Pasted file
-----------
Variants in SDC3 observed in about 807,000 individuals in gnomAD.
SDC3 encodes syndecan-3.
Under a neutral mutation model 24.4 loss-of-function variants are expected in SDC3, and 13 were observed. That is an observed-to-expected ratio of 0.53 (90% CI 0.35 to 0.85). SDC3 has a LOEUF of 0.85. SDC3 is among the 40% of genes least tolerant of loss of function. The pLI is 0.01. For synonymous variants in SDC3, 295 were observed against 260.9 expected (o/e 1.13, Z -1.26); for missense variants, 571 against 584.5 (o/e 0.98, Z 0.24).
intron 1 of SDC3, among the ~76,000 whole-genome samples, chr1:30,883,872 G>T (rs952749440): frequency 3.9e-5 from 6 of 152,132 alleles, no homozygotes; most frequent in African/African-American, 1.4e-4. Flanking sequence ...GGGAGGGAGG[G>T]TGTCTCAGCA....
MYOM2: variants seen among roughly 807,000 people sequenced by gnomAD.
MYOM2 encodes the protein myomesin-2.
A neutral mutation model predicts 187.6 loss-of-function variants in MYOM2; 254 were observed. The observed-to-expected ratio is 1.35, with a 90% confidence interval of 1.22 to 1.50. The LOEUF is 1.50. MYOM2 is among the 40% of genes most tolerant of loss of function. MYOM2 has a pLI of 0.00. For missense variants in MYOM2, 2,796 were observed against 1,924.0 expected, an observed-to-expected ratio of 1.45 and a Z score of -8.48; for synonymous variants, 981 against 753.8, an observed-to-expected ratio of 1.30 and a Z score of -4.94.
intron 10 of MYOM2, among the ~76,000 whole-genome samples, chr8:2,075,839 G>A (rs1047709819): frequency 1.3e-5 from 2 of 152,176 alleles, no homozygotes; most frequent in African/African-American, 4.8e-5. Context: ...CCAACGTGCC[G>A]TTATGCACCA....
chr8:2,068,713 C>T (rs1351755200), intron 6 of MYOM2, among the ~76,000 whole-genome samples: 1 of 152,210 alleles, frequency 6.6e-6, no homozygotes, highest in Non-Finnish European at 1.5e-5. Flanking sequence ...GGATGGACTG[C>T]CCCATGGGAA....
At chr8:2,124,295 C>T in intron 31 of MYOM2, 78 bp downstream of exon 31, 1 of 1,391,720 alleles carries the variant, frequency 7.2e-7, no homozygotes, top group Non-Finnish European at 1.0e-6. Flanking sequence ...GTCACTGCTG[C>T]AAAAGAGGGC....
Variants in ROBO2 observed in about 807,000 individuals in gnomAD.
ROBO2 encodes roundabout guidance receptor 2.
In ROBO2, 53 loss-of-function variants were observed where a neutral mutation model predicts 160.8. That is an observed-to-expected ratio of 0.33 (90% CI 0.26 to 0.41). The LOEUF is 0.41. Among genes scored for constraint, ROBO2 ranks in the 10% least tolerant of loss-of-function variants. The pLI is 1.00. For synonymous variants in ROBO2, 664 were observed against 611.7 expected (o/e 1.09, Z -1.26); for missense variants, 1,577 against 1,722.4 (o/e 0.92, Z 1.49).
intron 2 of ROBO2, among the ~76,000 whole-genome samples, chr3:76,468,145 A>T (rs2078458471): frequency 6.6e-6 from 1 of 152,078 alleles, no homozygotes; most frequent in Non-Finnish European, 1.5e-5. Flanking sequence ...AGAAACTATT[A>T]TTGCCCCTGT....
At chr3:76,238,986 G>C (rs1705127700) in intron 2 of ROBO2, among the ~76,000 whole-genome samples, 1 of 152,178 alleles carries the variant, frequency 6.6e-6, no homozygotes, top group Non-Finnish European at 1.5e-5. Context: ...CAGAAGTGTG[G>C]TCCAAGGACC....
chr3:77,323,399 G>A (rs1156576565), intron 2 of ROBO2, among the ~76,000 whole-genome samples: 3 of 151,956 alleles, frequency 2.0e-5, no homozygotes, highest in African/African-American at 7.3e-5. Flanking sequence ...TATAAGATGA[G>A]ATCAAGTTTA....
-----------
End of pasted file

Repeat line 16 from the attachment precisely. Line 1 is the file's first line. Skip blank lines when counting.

chr3:77,323,399 G>A (rs1156576565), intron 2 of ROBO2, among the ~76,000 whole-genome samples: 3 of 151,956 alleles, frequency 2.0e-5, no homozygotes, highest in African/African-American at 7.3e-5. Flanking sequence ...TATAAGATGA[G>A]ATCAAGTTTA....